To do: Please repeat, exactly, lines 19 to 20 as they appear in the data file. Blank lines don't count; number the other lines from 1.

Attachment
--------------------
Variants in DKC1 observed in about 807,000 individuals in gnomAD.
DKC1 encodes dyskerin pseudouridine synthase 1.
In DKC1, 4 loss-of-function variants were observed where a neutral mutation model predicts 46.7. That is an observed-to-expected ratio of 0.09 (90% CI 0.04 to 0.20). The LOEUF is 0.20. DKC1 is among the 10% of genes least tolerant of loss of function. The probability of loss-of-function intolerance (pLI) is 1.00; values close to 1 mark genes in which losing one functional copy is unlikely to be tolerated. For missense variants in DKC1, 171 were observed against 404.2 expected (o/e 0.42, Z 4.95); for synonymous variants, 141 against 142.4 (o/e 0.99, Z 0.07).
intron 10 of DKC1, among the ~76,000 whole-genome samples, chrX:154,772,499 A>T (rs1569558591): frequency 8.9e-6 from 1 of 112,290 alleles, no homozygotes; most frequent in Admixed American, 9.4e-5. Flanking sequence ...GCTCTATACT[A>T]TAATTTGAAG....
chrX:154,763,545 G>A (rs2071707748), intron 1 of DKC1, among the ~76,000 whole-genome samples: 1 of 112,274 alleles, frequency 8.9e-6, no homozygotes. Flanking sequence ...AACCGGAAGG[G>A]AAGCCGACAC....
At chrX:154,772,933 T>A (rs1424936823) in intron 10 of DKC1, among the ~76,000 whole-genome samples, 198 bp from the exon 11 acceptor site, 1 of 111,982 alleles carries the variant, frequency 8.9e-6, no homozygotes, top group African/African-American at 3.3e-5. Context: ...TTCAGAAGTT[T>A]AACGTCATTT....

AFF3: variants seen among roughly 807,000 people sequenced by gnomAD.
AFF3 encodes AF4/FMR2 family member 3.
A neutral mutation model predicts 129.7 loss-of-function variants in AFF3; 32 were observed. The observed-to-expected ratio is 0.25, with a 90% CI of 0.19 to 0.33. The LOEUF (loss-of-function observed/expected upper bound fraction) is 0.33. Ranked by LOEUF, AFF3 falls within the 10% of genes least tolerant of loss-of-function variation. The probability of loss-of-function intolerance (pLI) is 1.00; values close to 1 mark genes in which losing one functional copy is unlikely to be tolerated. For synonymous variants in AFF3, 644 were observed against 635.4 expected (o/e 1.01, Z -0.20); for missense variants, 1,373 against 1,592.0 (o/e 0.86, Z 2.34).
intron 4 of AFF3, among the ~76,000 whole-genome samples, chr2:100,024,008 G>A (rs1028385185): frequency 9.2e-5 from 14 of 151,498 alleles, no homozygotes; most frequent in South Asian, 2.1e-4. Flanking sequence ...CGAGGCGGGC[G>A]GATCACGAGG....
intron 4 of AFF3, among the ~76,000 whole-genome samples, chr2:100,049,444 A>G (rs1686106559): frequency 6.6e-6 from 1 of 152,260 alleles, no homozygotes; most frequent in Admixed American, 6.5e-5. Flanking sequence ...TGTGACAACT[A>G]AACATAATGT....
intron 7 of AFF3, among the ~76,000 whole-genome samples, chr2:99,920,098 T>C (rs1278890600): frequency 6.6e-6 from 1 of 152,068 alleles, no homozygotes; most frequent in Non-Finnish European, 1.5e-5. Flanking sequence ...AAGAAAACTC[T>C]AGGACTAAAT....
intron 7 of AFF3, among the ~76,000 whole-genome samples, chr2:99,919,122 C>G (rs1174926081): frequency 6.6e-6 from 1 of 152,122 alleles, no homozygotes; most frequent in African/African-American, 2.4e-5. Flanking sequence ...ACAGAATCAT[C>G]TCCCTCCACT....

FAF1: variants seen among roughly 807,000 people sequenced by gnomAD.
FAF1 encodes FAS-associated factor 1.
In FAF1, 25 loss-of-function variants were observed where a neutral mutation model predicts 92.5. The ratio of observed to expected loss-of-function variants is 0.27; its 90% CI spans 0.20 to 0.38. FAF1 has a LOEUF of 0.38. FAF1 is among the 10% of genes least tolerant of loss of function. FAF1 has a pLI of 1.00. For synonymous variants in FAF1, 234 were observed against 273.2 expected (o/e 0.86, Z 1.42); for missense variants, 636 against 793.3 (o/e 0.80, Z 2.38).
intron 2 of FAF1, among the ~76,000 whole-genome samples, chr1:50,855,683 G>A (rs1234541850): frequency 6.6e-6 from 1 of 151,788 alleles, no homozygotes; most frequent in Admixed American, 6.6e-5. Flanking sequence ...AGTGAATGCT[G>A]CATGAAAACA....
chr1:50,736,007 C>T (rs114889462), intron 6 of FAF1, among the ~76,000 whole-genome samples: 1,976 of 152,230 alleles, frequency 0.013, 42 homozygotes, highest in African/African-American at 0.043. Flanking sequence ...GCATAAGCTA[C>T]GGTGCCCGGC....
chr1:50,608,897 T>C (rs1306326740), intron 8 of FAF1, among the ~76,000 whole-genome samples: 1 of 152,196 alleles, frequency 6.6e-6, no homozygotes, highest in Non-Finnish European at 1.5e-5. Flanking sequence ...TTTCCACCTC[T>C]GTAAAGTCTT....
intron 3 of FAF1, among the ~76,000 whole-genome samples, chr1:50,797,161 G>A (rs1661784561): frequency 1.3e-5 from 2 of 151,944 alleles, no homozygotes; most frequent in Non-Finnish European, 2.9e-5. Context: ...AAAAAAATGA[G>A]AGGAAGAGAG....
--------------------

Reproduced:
chr1:50,608,897 T>C (rs1306326740), intron 8 of FAF1, among the ~76,000 whole-genome samples: 1 of 152,196 alleles, frequency 6.6e-6, no homozygotes, highest in Non-Finnish European at 1.5e-5. Flanking sequence ...TTTCCACCTC[T>C]GTAAAGTCTT....
intron 3 of FAF1, among the ~76,000 whole-genome samples, chr1:50,797,161 G>A (rs1661784561): frequency 1.3e-5 from 2 of 151,944 alleles, no homozygotes; most frequent in Non-Finnish European, 2.9e-5. Context: ...AAAAAAATGA[G>A]AGGAAGAGAG....